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Editorial Reviews

New York Times reporter David Rohde and Cosmo magazine photo editor Kristin Mulvihill were married barely two months in November 2008 when he was captured outside of Kabul. In A Rope and A Prayer: A Kidnapping From Two Sides, the couple alternates narrating chapters to tell the story of his captivity and her heroic quest to free him.
Theirs is a genre-bending duet. Geo-political thriller, love story as diary, foreign-policy critique, the book features some welcome comic relief, too, thanks to Mulvihill’s wry Bridget Jones-style notes on her work at Cosmo when the drama begins.
Rhode goes first, starting his account several months after he, his driver Asad Mangal, and his translator Tahir Ludin fall into a trap set by the memberd of the Taliban Haqqani sect. Relocated from one primitive prison house to another along the Afghan/Pakistani border, Rohde seeks clues to his captors’ plans as well as those of his seemingly dubious driver. His cool, often grim reportorial tone brings his harrowing reality to life as well as some surprisingly odd and enchanting moments of human connection, as when Rohde, with prisoners and guards playing key roles, reenacted his own recent wedding ceremony.
Having been kidnapped once before in the Balkans, Rohde knows the pain his family must feel, and feels special guilt for Mulvihill. Breaking his promise to forgo such on-the-job risk-taking, he has blindsided his new bride, and may yet widow her.
For her part, the warmth of Mulvihill’s voice and her self-deprecating humor immediately bring listeners into the mesh of her life in crisis. She describes a kind of makeover, from photo editor/wrangler of celebrity models to, with Rohde’s brother Lee, default team leader of the federal and private security personnel, former hostages, and media advisors recruited to her cause. Her chapters convey, often poetically, a deeply thoughtful woman, turning to friends, family, and faith to live in the present, even as she strives to keep her husband alive in body and in her own soul.
While the story sometimes stalls when Rohde takes on US Mideast policy, the intensely told, bold, and very lucky escape is compensation. Ultimately, listeners may feel the authors’ harmonic convergence in this multi-dimensional work that, at its heart, is a portrait of a marriage tempered by fate. —Elly Schull Meeks
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Publisher's Summary

The compelling and insightful account of a New York Times reporter's abduction by the Taliban, and his wife's struggle to free him.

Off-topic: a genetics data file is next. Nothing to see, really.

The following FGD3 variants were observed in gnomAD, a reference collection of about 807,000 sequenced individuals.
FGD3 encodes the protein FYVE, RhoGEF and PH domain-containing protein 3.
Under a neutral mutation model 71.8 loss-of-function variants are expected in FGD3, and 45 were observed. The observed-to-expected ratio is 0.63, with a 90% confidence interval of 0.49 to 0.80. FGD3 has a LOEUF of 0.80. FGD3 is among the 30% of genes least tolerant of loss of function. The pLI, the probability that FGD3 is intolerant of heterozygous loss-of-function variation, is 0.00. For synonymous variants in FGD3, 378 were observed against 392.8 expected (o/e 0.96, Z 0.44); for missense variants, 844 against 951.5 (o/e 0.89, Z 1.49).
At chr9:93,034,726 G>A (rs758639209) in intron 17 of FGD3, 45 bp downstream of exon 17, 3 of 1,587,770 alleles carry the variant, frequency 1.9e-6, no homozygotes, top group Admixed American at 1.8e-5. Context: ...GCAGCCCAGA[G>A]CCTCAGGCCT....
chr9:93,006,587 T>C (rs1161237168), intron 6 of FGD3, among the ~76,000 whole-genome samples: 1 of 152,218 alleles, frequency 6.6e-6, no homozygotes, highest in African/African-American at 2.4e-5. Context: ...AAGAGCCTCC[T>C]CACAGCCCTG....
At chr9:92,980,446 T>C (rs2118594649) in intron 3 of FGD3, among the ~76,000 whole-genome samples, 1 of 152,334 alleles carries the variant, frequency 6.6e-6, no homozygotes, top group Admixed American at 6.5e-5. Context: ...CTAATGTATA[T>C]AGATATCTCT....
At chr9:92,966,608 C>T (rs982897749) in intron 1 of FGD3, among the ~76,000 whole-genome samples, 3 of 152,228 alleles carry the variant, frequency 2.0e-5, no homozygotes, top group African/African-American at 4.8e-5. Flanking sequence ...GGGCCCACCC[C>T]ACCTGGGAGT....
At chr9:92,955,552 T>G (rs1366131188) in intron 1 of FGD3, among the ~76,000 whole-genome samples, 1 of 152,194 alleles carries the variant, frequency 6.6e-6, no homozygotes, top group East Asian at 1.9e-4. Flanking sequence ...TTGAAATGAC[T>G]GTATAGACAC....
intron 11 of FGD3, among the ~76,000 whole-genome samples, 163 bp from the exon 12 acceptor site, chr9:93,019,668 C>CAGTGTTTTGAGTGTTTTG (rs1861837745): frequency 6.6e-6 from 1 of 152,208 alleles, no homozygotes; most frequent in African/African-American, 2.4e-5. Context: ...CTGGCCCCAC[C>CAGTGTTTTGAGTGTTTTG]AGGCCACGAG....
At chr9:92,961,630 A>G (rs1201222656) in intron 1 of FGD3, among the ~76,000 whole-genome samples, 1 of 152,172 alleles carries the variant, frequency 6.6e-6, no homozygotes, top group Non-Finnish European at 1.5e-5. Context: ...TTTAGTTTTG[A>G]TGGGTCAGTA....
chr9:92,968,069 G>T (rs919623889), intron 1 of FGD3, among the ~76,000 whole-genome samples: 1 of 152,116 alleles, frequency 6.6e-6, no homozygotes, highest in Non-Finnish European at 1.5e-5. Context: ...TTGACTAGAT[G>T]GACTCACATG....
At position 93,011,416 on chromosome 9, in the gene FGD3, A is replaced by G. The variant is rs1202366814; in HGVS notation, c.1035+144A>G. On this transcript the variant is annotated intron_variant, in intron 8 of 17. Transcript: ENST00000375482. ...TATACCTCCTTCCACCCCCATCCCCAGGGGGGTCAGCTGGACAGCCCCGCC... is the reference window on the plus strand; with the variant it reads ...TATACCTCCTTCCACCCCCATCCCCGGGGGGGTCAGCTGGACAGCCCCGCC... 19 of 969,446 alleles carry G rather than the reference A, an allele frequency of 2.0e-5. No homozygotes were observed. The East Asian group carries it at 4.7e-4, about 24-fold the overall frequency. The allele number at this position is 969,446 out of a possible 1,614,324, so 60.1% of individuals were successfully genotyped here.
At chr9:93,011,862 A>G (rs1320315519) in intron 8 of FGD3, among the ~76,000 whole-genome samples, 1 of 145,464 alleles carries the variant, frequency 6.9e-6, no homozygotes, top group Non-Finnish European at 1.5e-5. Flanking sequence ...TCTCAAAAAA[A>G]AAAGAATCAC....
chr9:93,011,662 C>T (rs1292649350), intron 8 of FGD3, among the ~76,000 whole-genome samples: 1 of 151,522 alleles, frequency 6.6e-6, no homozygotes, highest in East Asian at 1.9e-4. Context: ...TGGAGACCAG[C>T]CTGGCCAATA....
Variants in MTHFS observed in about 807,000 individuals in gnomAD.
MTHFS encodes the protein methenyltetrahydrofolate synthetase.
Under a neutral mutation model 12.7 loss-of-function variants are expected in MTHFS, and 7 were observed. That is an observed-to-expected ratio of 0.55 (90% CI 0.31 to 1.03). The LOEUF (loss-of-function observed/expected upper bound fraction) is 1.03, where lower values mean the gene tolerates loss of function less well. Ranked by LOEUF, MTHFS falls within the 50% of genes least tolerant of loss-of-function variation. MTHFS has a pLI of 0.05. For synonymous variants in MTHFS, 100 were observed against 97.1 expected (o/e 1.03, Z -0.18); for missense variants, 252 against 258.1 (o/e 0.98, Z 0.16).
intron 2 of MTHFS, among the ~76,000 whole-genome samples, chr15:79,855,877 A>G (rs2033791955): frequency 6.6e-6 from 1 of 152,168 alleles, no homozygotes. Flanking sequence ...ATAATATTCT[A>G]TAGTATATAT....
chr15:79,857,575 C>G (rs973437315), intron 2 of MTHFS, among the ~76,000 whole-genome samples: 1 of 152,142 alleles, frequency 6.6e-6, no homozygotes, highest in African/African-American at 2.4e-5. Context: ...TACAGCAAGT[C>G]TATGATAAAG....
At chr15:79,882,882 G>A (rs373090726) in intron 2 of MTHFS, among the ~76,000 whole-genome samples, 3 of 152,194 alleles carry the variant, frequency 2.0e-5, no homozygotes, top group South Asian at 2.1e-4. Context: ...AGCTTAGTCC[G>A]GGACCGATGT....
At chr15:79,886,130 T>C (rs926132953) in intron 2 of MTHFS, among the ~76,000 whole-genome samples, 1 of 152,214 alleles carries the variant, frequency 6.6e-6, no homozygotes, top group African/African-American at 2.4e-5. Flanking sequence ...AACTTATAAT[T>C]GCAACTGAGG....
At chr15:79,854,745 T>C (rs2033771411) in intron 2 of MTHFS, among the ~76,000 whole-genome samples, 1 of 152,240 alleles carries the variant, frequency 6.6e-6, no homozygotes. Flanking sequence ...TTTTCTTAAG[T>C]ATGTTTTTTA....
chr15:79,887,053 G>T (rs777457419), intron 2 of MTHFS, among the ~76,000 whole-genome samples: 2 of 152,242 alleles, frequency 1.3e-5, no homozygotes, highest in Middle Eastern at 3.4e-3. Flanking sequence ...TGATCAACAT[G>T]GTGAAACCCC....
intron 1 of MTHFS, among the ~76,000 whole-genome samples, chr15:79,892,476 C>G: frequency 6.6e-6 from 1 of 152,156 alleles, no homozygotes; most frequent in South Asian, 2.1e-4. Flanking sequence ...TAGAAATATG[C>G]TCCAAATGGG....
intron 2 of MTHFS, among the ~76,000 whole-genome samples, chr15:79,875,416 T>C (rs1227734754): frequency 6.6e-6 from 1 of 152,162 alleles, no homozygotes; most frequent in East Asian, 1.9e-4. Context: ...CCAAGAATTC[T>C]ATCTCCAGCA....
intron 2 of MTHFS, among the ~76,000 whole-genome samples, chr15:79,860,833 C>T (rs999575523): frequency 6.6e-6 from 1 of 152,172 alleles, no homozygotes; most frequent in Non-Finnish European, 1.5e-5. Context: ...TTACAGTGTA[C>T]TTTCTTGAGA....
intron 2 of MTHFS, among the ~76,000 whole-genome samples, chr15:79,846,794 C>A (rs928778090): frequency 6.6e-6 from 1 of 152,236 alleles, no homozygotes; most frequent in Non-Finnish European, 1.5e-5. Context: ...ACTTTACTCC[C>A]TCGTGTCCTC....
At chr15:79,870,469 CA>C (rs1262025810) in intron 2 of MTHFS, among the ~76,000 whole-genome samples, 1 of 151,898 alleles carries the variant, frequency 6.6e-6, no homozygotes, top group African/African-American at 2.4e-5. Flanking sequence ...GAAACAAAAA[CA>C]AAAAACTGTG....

Invited to an interview by a Taliban commander, New York Times reporter David Rohde and two Afghan colleagues were kidnapped in November 2008 and spirited to the tribal areas of Pakistan. For the next seven months, they lived in an alternate reality, ruled by jihadists, in which paranoia, conspiracy theories, and shifting alliances abounded. Held in bustling towns, they found that Pakistan's powerful military turned a blind eye to a sprawling Taliban ministate that trained suicide bombers, plotted terrorist attacks, and helped shelter Osama bin Laden.
In New York, David's wife of two months, Kristen Mulvihill, his family, and The New York Times struggled to navigate the labyrinth of issues that confront the relatives of hostages. Their methodical, Western approach made little impact on the complex mix of cruelty, irrationality, and criminality that characterized the militant Islam espoused by David's captors.
In the end, a stolen piece of rope and a prayer ended the captivity. The experience tested and strengthened Mulvihill and Rohde's relationship and exposed the failures of American effort in the region. The tale of those seven months is at once a love story and a reflection of the great cultural divide - and challenge - of our time.
©2010 David Rohde (P)2010 Penguin
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Customer Reviews

Most Helpful
1 out of 5 stars
By Ed on 12-31-10

A History Lesson

Not what I expected. The 11 hour book could have made a good 3 hour story.

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4 of 5 people found this review helpful

3 out of 5 stars
By Jenn on 01-28-16

Lack of insight

With seven months in captivity, the lack of insight into cultural and geopolitical complexities was staggering.

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1 of 1 people found this review helpful

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